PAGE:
Book Review: Not the Way It’s Supposed to Be, by Cornelius Plantinga, Jr.

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not the way it's supposed
Cornelius Plantinga, Jr. Not the Way It’s Supposed to Be: A Breviary of Sin. Wm. B. Eerdmans Publishing Co., 1996. 202 pp.

This is a lively and erudite discussion of a somber but necessary topic. Few preachers today discuss it, yet there is probably no concept today which requires greater emphasis. We are all about grace and love. However, we cannot understand grace if we do not get the perverse and manifold nature of sin. As it has been said in a quote attributed to Reinhold Niebuhr (1892–1971), this is the one Christian doctrine that can be empirically verified!

Sin is the culpable distortion of God’s created order (shalom), states the author, who is currently Senior Research Fellow at the Calvin Institute of Christian Worship, Calvin College in the United States. However, sin isn’t simple. It’s an extremely complex phenomenon with a thousand faces. And it interacts intricately with diverse behavioural concepts such as crime, folly, and addiction. In itself, sin could function as a parasite, corruption, or masquerade.

Sin as Parasite

As a parasite, sin depends on God’s created order, which is good, in order to thrive. In the words of the author, “Sin is an uninvited guest that keeps tapping its host…”(p.89). Sin’s parasitic nature is obvious when we consider the nature of a sin like pride. A measure of self-regard is proper in a human, given that we are made in God’s image. This is good. The sin of pride, however, seizes upon this truth and distorts it. It elevates me beyond others in my thinking. Rather than seeing myself as a creature of God who is subject to God and equal with other humans, I consider myself as superior to them. In this way, the sin of Pride feeds on what is noble in humanity (self-regard), while distorting it. Also, when we consider the intellectual power and logical reasoning that goes into some sins like fraud, forgery, or robbery, we are amazed at the parasitic nature of sin. Here are God’s good and precious gifts being tapped and funneled to godless ends.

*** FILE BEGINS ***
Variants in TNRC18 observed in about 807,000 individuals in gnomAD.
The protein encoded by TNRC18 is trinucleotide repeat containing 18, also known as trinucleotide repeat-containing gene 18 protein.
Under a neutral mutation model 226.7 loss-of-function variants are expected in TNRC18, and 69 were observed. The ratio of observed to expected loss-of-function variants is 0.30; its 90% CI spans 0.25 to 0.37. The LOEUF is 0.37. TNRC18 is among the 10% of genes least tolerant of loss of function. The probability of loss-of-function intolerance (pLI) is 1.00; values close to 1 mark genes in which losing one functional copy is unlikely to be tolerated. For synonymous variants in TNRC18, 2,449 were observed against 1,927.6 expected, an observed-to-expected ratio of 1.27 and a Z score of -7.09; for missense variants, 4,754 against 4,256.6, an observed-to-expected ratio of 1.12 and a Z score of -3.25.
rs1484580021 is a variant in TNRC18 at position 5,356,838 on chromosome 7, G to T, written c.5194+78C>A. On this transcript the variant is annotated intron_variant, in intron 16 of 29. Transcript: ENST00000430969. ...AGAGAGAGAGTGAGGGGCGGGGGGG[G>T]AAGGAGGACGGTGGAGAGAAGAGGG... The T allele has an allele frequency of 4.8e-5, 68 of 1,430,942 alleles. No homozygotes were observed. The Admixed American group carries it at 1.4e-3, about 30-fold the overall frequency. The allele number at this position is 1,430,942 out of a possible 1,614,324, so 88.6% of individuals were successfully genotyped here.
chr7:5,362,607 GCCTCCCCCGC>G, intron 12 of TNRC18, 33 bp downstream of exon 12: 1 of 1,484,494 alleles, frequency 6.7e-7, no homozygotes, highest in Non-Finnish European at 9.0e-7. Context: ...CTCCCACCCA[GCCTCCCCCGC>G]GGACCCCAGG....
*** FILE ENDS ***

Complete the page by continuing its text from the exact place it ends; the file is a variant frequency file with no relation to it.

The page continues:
Sin is also corruption. It corrodes both God’s universe and creatures. The term total depravity has historically been used to describe the wide-reaching effect that sin has on the human personality. It pollutes our minds, will, and emotions – everything. Sin is “a polluted river that keeps branching and rebranching into tributaries” (p.53).

Sin as Masquerade